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In re Verdiramo

decided.: May 31, 1984.

IN THE MATTER OF VINCENT L. VERDIRAMO, AN ATTORNEY-AT-LAW


On an Order to Show Cause why respondent should not be disbarred or otherwise disciplined.

For suspension -- Chief Justice Wilentz and Justices Clifford, Schreiber, Handler, Pollock, O'Hern and Garibaldi.

Per Curiam

The essential facts in this disciplinary case have been set forth in the Decision and Recommendations of the Disciplinary Review Board (DRB).

In 1975, the respondent, who was primarily involved in criminal law matters, was acting as an Administrative Aide to Congressman Henry Helstoski. He was also a member of the Congressman's team of defense attorneys who represented Helstoski in a federal criminal matter. On April 17, 1976, the respondent, who had just returned from a trip to Atlanta, received a telephone message to call Helstoski. At Helstoski's request, the respondent drove directly to Helstoski's office. Helstoski introduced respondent to Joel Urdang, who was about to testify before a federal Grand Jury with regard to Helstoski's alleged failure to report certain income to the Internal Revenue Service. The respondent was aware that an individual named John Mazella, an employee of Helstoski, had previously testified before the Grand Jury and had made certain misstatements during his testimony. The respondent knew that Urdang's testimony could contradict that of Mazella. Thus, during this conversation with Urdang, the respondent stated -- "Look, do me a favor. Just don't hurt the old guy, will you?"

The respondent testified at a hearing before the District VI Ethics Committee that he was trying to protect Mazella, who was old, was in questionable health, and had a nice family. Mazella was "a genuinely nice human being who screwed up what checks went into what account." [Reference to transcript omitted.] His conversation with Urdang lasted about one and one half minutes. At the time the respondent spoke to Urdang concerning Mazella he was aware that he was asking Urdang to lie before the Grand Jury. [Reference to transcript omitted.]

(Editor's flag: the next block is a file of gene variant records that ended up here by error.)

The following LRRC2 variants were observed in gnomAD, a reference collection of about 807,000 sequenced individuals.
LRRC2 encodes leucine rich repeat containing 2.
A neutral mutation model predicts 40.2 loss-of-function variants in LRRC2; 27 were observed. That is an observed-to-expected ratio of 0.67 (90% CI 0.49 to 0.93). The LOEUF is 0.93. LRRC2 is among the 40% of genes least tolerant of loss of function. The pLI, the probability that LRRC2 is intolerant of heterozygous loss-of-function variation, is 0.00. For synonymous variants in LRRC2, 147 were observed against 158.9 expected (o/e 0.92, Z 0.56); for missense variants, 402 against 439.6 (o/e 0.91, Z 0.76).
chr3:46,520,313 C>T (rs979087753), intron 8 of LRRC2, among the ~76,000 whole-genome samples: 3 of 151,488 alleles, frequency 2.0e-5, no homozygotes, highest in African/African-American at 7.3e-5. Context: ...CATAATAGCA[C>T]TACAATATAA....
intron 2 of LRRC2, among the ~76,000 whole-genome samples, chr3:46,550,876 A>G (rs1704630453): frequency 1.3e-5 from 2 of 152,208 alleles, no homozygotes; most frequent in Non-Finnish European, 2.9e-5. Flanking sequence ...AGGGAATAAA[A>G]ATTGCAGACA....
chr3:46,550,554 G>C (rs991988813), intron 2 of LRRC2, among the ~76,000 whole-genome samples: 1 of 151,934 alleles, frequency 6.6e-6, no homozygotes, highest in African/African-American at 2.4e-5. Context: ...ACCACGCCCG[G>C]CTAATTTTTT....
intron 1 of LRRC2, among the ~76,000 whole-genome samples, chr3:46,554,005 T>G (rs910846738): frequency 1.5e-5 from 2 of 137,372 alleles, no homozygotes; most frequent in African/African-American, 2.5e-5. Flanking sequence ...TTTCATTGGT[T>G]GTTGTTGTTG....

On June 2, 1976, the respondent was charged in two counts of a twelve count indictment with obstruction of justice in violation of 18 U.S.C. § 371 and influencing a witness in violation of 18 U.S.C. § 1503. The respondent entered a guilty plea on September 28, 1976 to the charge of influencing a witness. On September 21, 1977, the respondent was sentenced to a term of five years imprisonment, with the suspension of all but 60 days of that term, and probation for the remaining four years and ten months. A fine of $2,500 was assessed as a condition of probation. Execution of sentence was stayed until October 11, 1977. The remaining Count of that indictment against the respondent was dismissed.

The DRB also noted that two other federal indictments that were pending against respondent at that time had been dismissed

as part of the plea agreement. The indictments and their dispositions were summarized as follows:

1. CR 74-313 -- The respondent and several others were charged with conspiracy, obstruction of justice and illegal wiretapping resulting from the discovery of a wiretap in respondent's office. None of the indicted individuals were ever tried, and respondent states that an investigation by the State Police at his request revealed that the wiretap equipment was purchased by the Federal Government.

2. CR 75-521 -- Respondent was charged with conspiracy and mail fraud for allegedly overvaluing the contents of a house in which he had an interest in a claim mailed to an insurance company after the house had been vandalized and burned by unknown individuals. His partner in that investment was also charged but the matter never proceeded to trial.

The DRB mentioned respondent's contention "that, because of his activities as a criminal defense attorney these indictments had no merit and were part of a course of conduct of certain individuals within the federal government who were 'trying to wear (him) down.'" The respondent served approximately 45 days in a federal ...


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